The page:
“In the end I won the race & beat a couple legend drivers in Leanne Beynon & John Binskin, it was a great thrill. I drove Newbridge Boy in his next start at Penrith & he had run a quick time at Richmond so he was the favourite. We started from the back & he was a pretty fierce horse & used to get on the bit. Once we were away I couldn’t really hold him so I had to go around the field & sit in the worst position in the race in what is called the ‘death seat’ which is just outside the leader. Anyway the horse faded in the run, ran last & the punters booed me off the track.” (Ironically the winner of that race was My Triumph driven by John E Binskin)
Leanne Beynon was a successful female harness trainer/driver. Beynon won races at Sydneys’ Harold Park & was also victorious in the time honoured feature PJ Hall Memorial (Perc Hall) in 1998 with Our Big Monte over 2420m at Penrith Paceway.
In 1987 Darren Brown was dating Leannes’ sister Michelle & Darren stayed at the Beynon house the night before the race. The Beynons were a harness racing family & the girls father John Beynon was highly regarded in the industry.
“They were talking their horse Sunlit Path up” Darren recalled, “They said their horse was flying (it had won 5 races previously including a win at Richmond) & they were going to rip into me & attack me if I took the lead & that I would eventually have to hand up to them (give them the lead). I said we’ll see on the day then in the race she attacked me early but I got the bikkies & had the last laugh so to Leanne thanks a lot!
“Leanne was talented from the start & was good with the horses” said Darren Binskin. “She was one of the first ladies in the sport & did exceptionally well. Leanne also had a lot of friends at Bankstown who had her back & would look out for her”.
We also heard that Leanne had a fiery side that would flare up when she was crossed. This passionate trait was no doubt an asset for a lady making her way in a male dominated sport.
John E Binskin
John E Binskin was the leading harness driver (36 wins 1978-79) & trainer (30 wins 1980-81) at Harold Park in Sydney. Johns’ son Darren was also top trainer (42 wins 1995-96) at the same venue which was the home of harness racing in NSW until it was closed in 2010 & relocated to Menangle in western Sydney.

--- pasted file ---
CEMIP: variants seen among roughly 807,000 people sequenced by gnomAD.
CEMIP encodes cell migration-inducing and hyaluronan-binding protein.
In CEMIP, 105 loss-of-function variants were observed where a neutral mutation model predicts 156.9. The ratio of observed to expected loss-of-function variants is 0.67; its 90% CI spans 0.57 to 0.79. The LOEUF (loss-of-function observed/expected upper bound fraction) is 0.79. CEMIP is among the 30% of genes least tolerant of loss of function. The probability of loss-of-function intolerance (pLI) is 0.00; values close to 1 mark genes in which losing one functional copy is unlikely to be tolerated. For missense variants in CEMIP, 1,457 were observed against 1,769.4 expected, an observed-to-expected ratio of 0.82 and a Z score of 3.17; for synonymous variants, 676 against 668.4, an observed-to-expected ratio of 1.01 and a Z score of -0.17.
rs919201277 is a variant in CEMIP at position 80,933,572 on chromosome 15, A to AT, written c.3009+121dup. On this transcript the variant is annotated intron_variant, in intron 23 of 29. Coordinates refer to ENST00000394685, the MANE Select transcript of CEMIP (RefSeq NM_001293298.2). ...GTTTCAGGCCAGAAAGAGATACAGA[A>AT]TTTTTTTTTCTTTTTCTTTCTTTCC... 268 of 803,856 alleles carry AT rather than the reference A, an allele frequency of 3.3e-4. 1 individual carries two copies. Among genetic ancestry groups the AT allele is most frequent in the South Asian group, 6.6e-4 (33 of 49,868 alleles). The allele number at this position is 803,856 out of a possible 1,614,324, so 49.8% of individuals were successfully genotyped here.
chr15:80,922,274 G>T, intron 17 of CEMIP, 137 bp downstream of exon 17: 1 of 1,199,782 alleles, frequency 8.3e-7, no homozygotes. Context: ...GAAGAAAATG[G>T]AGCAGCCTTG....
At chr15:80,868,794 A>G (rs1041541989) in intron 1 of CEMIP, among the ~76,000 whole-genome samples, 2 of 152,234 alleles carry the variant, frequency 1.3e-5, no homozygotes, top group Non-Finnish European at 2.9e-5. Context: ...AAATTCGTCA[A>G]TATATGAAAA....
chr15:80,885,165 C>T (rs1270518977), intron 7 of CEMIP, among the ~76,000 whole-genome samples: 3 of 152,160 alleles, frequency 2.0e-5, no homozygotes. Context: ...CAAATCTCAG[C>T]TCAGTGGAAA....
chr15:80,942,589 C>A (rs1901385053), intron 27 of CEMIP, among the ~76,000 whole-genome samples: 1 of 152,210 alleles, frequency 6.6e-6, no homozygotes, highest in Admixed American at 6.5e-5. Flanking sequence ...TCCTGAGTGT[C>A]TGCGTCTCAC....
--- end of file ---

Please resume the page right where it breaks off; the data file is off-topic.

In 1988 John Binskin drove Our Maestro to win the group one Inter-Dominion Final at Harold Park. In the same race Johns’ son Darren drove Karalta Gift to 6th place & shook hands with his dad after they both had passed the winning post. Also at the track was Johns’ father Jack who was celebrating his 81st birthday.
“There’ll be a lot of tears shed around this course because (Binskin) has been a very poplular driver over many years” said ABC caller David Morrow. “I’m sure his father Jack will be shedding a little tear because his son has finally cracked it for an Inter Dominion championship”,
The Binskins are a famous racing family. There is a Binskin Lounge at Bankstown Paceway named after John, his father Jack & son Darren (As told to me by Chad Bentley son of the late Les Bentley former longtime Bankstown Paceway President). Tragically John passed away in 1999 after he collapsed in the Binskin Lounge. Darren Binskin says that he takes comfort in the fact that his dad died with friends around him & didn’t die alone.
“JE was a great reinsman who just had an aura about him’ said Darren Brown. “He had a distinctive style, his famous silks were black with green stars & he wielded the whip in his left hand. After I won the race on Newbridge Boy, John lent over the sulky & shook my hand, it’s a moment I’ll never forget”.
The Richmond track, based at Londonderry, was first opened as a thoroughbred and harness track and held its first meeting on December 17, 1912. Aside from four years during the depression, the track has continually held race meetings until the present day.
The gallops ceased racing at Richmond in 1952 and the Club then operated solely with its trotting licence until October 1955 when greyhound racing was introduced on the straight track on site on Saturday afternoons. The Richmond trotting track was grass & with a straight of 300m long which was the longest in NSW.
On December 30, 1997, the last harness meeting was held at Richmond is now used solely for greyhound racing.
We visited Bankstown Paceway & Darren took us to Ellis Street which is a short walk from the track. Almost every house in Ellis Street once had stables in the backyard & it was here that the Browns, Binskins & Beynons all lived in 1987. In this era the sound of horses walking to & from the track all morning was the norm. These days many of the houses have been developed into housing blocks including Les Browns’ old home. Only a handful of trainers remain in the area & only 22 meetings are held per year at Bankstown.
Whilst at the track we were given a tour by operations manager Steve Thurlow. Steves’ son Ricky drove his first harness winner in his first ever drive for Les Brown.
Chad Bentley recalled fond memories of weekly family visits the track. “It was what all the local families did” said Chad. “We’d all go for a night out & have a great time”.
John Binskins’ wife Rita was a regular at Harold Park on Friday nights & would sit in the same seat every week with her friend Shirley. Rita was loved by all. Former Sydney race caller John Tapp described her as “a special lady”.
“My mums a very classy lady & always dressed immaculately” said son Darren. “People loved to talk to her because she was a bit of an entertainer”.
Long time Harold Park bookie Billy Trotter owned Bold And Regal, the horse that Les Brown trained to win the Group 1 Sires Stakes. “Billy took everyones money” said Les Brown. “and hes still got it”.
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Written By Steve Mavin